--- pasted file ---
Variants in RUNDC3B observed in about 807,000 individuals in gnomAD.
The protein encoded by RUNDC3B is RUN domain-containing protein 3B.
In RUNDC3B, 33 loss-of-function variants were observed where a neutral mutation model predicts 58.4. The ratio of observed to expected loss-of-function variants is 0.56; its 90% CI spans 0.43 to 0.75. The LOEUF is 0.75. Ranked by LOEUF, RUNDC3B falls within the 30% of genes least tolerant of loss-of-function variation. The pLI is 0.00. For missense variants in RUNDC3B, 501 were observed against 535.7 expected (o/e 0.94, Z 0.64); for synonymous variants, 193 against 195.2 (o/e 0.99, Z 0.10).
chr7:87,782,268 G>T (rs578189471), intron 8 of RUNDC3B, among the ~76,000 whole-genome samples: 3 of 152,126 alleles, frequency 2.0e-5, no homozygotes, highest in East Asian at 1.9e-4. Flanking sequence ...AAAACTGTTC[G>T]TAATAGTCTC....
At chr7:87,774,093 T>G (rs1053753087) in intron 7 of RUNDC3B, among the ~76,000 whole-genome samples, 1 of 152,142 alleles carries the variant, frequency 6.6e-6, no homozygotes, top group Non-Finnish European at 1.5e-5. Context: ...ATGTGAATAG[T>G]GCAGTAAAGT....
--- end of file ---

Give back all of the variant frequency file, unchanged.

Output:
Variants in RUNDC3B observed in about 807,000 individuals in gnomAD.
The protein encoded by RUNDC3B is RUN domain-containing protein 3B.
In RUNDC3B, 33 loss-of-function variants were observed where a neutral mutation model predicts 58.4. The ratio of observed to expected loss-of-function variants is 0.56; its 90% CI spans 0.43 to 0.75. The LOEUF is 0.75. Ranked by LOEUF, RUNDC3B falls within the 30% of genes least tolerant of loss-of-function variation. The pLI is 0.00. For missense variants in RUNDC3B, 501 were observed against 535.7 expected (o/e 0.94, Z 0.64); for synonymous variants, 193 against 195.2 (o/e 0.99, Z 0.10).
chr7:87,782,268 G>T (rs578189471), intron 8 of RUNDC3B, among the ~76,000 whole-genome samples: 3 of 152,126 alleles, frequency 2.0e-5, no homozygotes, highest in East Asian at 1.9e-4. Flanking sequence ...AAAACTGTTC[G>T]TAATAGTCTC....
At chr7:87,774,093 T>G (rs1053753087) in intron 7 of RUNDC3B, among the ~76,000 whole-genome samples, 1 of 152,142 alleles carries the variant, frequency 6.6e-6, no homozygotes, top group Non-Finnish European at 1.5e-5. Context: ...ATGTGAATAG[T>G]GCAGTAAAGT....